The last 90 years have generated a considerable volume of technical literature on the subject of grinding mill power and its prediction. It is therefore surprising that in all this time there have been no published models for predicting grinding mill power draw which have been validated using a published wide range of comprehensive industrial scale data.
Notwithstanding this lack of data, the majority of models have placed limited emphasis on the internal dynamics of mills and have relied on simple assumptions which consider the charge to take up a fixed position and shape. In recent years laboratory based studies (Liddell, 1986) have shown that these assumptions do not hold over a wide range of operating conditions, and bring into doubt the ability of existing models to accurately predict grinding mill power draw.
To remedy this deficiency a research programme was therefore undertaken to:
• provide a large compehensive data base of the power draws of industrial scale ball, semi-autogenous (SAG) and autogenous (AG)
• use these data to develop mathematical models which can accurately predict the power draw of industrial grinding mills over a wide
range of operating and design conditions
The approach which was adopted utilized a glass fronted laboratory mill, operating under a range of speeds and fillings, to provide data on the movement of a charge in a grinding mill. The position of critical points in the charge and the velocity of particles within the charge were measured with the aid of photographic techniques. These measurements were then related
mathematically to the operating conditions using empirical techniques.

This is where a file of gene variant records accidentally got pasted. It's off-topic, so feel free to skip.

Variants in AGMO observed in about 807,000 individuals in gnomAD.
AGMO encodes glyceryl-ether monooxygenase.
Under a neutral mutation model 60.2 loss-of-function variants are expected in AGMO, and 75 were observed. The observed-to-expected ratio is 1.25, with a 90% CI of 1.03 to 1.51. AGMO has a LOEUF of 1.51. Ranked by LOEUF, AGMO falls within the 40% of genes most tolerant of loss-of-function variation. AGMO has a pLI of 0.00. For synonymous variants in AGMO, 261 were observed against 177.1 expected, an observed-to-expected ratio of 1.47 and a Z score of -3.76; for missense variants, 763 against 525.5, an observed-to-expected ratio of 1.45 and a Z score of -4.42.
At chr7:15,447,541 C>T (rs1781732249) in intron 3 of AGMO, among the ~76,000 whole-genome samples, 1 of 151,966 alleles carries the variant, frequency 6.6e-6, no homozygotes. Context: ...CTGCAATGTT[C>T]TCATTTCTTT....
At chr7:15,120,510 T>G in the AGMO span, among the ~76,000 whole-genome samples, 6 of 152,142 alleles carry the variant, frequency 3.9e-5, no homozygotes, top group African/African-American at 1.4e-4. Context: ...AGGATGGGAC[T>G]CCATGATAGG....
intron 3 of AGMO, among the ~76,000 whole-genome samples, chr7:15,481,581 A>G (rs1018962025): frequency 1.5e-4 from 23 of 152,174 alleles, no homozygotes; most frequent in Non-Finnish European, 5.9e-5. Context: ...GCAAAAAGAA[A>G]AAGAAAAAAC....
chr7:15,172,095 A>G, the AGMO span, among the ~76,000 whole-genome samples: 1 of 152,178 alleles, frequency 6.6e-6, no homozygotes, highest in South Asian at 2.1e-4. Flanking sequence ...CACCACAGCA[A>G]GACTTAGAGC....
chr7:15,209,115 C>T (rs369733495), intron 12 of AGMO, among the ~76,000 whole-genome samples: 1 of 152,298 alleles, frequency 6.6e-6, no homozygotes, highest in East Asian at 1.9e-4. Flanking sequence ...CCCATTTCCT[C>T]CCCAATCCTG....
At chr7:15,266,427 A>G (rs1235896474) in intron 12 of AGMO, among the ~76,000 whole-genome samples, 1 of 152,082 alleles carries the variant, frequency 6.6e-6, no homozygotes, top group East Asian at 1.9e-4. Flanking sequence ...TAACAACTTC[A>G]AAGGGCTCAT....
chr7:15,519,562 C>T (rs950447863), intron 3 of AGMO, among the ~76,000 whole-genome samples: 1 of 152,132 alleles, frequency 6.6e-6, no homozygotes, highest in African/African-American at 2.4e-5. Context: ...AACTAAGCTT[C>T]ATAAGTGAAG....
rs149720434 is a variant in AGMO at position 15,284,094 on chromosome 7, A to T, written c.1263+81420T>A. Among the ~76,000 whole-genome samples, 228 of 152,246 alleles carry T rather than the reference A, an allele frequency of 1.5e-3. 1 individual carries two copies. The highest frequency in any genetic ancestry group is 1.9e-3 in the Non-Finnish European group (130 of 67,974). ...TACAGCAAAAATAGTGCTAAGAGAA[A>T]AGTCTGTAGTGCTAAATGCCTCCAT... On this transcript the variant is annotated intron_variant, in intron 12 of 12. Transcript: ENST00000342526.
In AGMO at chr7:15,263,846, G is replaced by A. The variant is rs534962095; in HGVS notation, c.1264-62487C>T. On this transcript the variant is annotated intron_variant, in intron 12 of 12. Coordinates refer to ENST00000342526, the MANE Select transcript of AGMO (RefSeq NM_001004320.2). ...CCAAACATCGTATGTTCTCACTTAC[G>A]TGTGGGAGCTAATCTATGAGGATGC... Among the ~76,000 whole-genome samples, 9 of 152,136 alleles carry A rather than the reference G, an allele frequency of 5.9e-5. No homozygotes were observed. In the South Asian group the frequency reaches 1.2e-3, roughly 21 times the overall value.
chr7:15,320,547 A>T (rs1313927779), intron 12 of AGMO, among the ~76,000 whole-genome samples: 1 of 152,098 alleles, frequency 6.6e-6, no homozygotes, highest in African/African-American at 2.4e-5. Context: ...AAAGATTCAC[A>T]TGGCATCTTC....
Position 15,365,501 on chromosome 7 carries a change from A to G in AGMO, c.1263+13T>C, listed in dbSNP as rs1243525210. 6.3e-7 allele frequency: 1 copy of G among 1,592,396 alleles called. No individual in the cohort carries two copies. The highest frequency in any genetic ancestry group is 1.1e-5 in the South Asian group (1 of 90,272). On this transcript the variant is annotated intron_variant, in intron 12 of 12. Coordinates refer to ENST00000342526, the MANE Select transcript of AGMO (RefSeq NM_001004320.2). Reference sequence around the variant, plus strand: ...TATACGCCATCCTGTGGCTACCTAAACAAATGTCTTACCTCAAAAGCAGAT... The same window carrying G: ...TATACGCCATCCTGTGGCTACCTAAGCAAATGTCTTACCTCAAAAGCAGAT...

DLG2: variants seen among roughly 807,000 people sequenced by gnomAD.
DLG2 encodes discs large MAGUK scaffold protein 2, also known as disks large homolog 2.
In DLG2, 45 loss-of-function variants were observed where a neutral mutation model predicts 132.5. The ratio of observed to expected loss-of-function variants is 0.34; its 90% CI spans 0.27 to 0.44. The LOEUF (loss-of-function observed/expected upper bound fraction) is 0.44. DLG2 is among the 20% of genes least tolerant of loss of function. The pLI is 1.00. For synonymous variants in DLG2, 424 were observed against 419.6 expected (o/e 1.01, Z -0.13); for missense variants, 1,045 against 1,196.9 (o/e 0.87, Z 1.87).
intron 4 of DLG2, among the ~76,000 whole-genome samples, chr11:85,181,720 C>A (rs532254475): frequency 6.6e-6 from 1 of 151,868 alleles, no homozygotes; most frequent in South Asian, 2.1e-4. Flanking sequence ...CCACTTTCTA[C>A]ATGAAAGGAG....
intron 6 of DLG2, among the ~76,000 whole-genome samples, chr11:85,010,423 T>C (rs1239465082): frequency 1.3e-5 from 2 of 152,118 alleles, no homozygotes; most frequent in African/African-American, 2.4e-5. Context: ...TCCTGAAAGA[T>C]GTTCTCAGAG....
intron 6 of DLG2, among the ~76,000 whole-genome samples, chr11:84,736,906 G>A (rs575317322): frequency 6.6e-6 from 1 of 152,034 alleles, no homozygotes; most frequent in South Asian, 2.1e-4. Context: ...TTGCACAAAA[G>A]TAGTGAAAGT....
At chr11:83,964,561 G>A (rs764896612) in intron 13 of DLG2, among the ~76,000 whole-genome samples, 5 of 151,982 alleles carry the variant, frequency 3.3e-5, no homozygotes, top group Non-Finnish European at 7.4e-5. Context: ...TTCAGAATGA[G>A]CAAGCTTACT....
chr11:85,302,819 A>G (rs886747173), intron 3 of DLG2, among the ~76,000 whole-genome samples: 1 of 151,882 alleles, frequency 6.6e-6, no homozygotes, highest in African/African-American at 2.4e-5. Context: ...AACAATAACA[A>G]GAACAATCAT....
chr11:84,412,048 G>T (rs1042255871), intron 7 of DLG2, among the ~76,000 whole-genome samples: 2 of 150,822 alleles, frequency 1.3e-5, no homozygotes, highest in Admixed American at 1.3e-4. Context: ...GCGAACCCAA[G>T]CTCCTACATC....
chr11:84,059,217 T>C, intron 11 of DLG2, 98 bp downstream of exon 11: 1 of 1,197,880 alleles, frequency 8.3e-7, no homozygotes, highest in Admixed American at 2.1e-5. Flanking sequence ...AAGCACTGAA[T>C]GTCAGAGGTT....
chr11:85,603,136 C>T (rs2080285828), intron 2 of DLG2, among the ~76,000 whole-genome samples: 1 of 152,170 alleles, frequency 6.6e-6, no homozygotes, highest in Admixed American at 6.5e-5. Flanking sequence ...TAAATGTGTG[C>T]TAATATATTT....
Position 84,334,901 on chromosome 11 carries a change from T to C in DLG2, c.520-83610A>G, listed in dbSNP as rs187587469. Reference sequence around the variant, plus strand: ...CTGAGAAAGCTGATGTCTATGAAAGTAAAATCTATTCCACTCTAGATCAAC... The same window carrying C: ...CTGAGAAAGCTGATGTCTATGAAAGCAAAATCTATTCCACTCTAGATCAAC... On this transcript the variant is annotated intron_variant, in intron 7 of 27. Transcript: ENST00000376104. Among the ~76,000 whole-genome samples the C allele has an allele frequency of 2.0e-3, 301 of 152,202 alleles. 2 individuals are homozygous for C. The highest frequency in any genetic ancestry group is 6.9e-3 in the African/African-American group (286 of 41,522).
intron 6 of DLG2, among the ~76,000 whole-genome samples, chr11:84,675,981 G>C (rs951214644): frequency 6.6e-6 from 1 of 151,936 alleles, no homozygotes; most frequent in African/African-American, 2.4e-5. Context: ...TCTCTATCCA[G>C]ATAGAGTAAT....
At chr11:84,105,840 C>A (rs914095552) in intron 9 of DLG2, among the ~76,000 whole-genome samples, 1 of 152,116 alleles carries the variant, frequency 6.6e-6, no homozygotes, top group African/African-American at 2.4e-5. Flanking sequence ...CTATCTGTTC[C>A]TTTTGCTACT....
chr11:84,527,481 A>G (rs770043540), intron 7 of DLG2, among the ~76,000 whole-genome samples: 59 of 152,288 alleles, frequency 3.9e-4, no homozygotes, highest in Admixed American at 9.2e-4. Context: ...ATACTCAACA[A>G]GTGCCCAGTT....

The equations which were developed from this exercise were incorporated in a theoretical approach to the prediction of power draw. The resultant model explicitly described the effects of the mill discharge mechanism (i.e. grate or overflow), as well as the shape of the end sections (i.e. planar or conical). The model made no specific distinction between ball, semi-autogenous (SAG) or autogenous (AG) mills except by virtue of their charge density and/or discharge mechanism. Two further models were developed, one of which was more complex in nature but which additionally accounted for the effect of grinding media size distribution on power draw. The other model was an empirical version with a very simple form yet similar predictive performance to the other two.
Data were collected from a wide range of wet industrial grinding mills to calibrate and verify the model. In
total 76 data sets were generated covering the power draws of ball, SAG and AG mills in the range 7 - 7900 kW. All three models were found to predict the power draw of the mills in the data base with a high degree of accuracy. This contrasted with the results from testing a number of existing published models, none of which were found to be entirely satisfactory.